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Take a 'Deep Dive' in 2019 to explore best practices

Take a 'Deep Dive' in 2019 to explore best practices

Church Vitality

The Florida United Methodist Conference Office of Congregational Vitality is set to expand its Deep Dive initiative in early 2019 with the aim of rolling out workshops in the north, south and mid-conference regions.

Deep Dive is the brainchild of Janet Earls, who heads congregational vitality for the Conference. It is designed to be a refreshing alternative to the typical stand-and-present church meetings.

“It’s more conversational, more interactive, and it’s more focused,” Earls said. “The host church is really the teacher. I’m kind of the wrangler.”

Deep Dive churches discuss best practices for systems and property at New Covenant UMC in The Villages.

Under the Deep Dive model, host congregations share expertise and best practices in one of six areas—finance, systems and properties, discipleship, leadership, worship or staff—with five to seven guest churches during a two-day session. Participants include three to five people (clergy, staff and laity) from each guest church, keeping total attendance easy to manage. 

The host church provides lunch on the first day, and guest churches are responsible for their own lodging and dinner. The next day’s session wraps before lunch.

“I’ve tried to keep it pretty doable, pretty affordable,” Earls said.

Earlier this year Deep Dive sessions on finance, systems and properties and discipleship were successfully beta tested at FUMC Lakeland, FUMC Winter Park, North Naples UMC and New Covenant UMC in The Villages.

“The surveys in response have been overwhelmingly positive,” Earls said. “(The guest churches) are so thankful.”

The Deep Dive model gives a host church the opportunity to serve as a subject matter expert while allowing a guest church to ask questions and receive answers.

“One simple example is the small or medium-size church that is going to allow Alcoholics Anonymous to use one of their rooms,” Earls said. “… Well, they really need some type of agreement for ministry protection.”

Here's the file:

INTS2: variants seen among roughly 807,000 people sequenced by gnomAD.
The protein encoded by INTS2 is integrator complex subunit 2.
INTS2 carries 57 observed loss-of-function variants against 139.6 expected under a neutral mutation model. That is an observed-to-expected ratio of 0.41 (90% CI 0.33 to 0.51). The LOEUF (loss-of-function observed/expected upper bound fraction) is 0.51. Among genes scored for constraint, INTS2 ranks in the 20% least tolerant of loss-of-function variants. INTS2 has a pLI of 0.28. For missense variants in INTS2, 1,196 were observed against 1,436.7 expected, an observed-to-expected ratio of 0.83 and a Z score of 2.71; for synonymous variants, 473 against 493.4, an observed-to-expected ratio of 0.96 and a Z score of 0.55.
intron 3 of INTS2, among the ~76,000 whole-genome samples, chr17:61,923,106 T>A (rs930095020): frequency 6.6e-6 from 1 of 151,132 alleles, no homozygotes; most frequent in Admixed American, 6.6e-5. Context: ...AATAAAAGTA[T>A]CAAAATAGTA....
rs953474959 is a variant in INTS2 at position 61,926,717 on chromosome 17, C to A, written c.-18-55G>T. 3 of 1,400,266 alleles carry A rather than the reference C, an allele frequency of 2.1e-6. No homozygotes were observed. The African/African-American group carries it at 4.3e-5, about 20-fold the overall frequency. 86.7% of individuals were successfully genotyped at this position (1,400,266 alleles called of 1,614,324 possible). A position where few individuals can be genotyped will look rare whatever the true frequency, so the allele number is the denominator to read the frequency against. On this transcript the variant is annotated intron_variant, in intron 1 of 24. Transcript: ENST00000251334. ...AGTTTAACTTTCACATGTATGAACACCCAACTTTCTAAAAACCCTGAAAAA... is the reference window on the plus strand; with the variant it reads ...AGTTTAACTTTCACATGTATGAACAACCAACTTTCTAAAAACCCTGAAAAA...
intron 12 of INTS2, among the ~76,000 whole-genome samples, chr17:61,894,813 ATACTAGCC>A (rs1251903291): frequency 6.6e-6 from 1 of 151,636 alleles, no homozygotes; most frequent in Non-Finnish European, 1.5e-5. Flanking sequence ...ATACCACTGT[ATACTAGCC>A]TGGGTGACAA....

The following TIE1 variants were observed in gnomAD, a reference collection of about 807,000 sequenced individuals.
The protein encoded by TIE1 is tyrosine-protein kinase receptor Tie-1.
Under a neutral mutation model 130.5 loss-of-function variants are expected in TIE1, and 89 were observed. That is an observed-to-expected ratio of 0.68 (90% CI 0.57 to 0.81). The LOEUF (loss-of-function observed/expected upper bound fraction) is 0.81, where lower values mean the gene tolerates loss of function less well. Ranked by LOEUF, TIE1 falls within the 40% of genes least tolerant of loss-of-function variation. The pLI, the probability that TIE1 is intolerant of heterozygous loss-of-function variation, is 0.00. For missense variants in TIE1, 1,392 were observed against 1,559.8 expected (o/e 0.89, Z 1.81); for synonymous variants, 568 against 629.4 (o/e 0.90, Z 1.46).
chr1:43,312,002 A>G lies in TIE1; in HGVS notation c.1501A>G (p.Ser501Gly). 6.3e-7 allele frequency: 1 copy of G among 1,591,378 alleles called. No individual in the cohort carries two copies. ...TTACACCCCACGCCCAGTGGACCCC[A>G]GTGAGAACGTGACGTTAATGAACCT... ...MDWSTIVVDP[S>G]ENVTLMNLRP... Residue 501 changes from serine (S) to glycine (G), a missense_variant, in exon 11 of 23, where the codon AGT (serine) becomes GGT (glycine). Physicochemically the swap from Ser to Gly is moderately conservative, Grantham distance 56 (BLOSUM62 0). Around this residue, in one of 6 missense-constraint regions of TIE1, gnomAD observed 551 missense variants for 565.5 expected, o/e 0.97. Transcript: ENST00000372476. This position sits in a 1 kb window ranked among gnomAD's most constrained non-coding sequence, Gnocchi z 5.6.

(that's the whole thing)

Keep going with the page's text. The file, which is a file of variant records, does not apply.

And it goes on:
At a Deep Dive on systems and properties, the host church shares all its forms and documents that pertain to building use agreements with the guest churches.

“They’re literally saying, ‘Here, take our logo off and put your logo on. You are welcome to use it,’ ” Earls added. “And that is what is great! They’re not having to reinvent the wheel. They are leaving (the Deep Dive) with actual tools.”

‘The model Jesus used’

Earls sees the UMC as especially suited to Deep Dive because of its connectional structure and hopes to forge even more connections between congregations of different sizes.

“I’m looking forward to planning more of these,” said Earls, who also hopes to offer some 30-minute online Deep Dives in the new year. “I feel like I’m making a difference.”

Rev. Jeff Smith, lead pastor at FUMC Clewiston, agrees.

Rev. David McEntire leading a Deep Dive discussion on finance at First UMC, Lakeland.

He attended a Deep Dive on finance at FUMC Lakeland because he felt he needed a refresher course. The various topics were facilitated primarily by lay people and included planned giving, capital campaigns, audits and reserves.

“It was great!” Smith said. “I brought back ideas, and we are already looking into areas that we discussed at the seminar and how best to implement them in our setting. Not every church is alike, but good ideas are well, good ideas!”

He liked being able to freely ask questions during the presentations and being able to reach out to the host church after the event was over.

“I especially appreciated the talk given by the facilities manager about how to monitor the utilities and general maintenance of your campus, thus making you a better steward and being able to spend more dollars in the areas of ministry,” Smith said. “All of those efforts help support the mission we are trying to live out.”

Deep Dive has proven just as beneficial to host churches.

North Naples UMC hosted a Deep Dive on systems and properties in May and one on discipleship in October and found it helpful to look back on its own evolution. 

“It was really good for us, as a staff, to remember where we started and how we got to where we are,” North Naples Executive Director AmySue Benker said. “Sharing ideas with other churches helps all of us.”

The Deep Dive on systems included topics such as building use, scheduling large events and budgeting for maintenance and future improvements. The Deep Dive on discipleship touched on new member integration, youth and adult ministries, safety and community outreach. At each event, guests were offered a tour of the North Naples campus.

“We have a huge property and lots of moving parts and logistics,” Benker said. “I had quite a bit of follow-up, and now we have relationships with those churches and people, and we’ve been able to encourage each other!”

For Rev. David McEntire, senior pastor at FUMC Lakeland, the Deep Dive concept of sharing best practices between churches simply makes sense for the body of Christ.

“That’s the model Jesus used with his disciples,” McEntire said. “They learned by being with him. He came to serve, not to be served. … If we can do that for another congregation, why wouldn’t we?”

For more information on Deep Dives near you, go to

--Kari C. Barlow is a freelance writer located in Pensacola.

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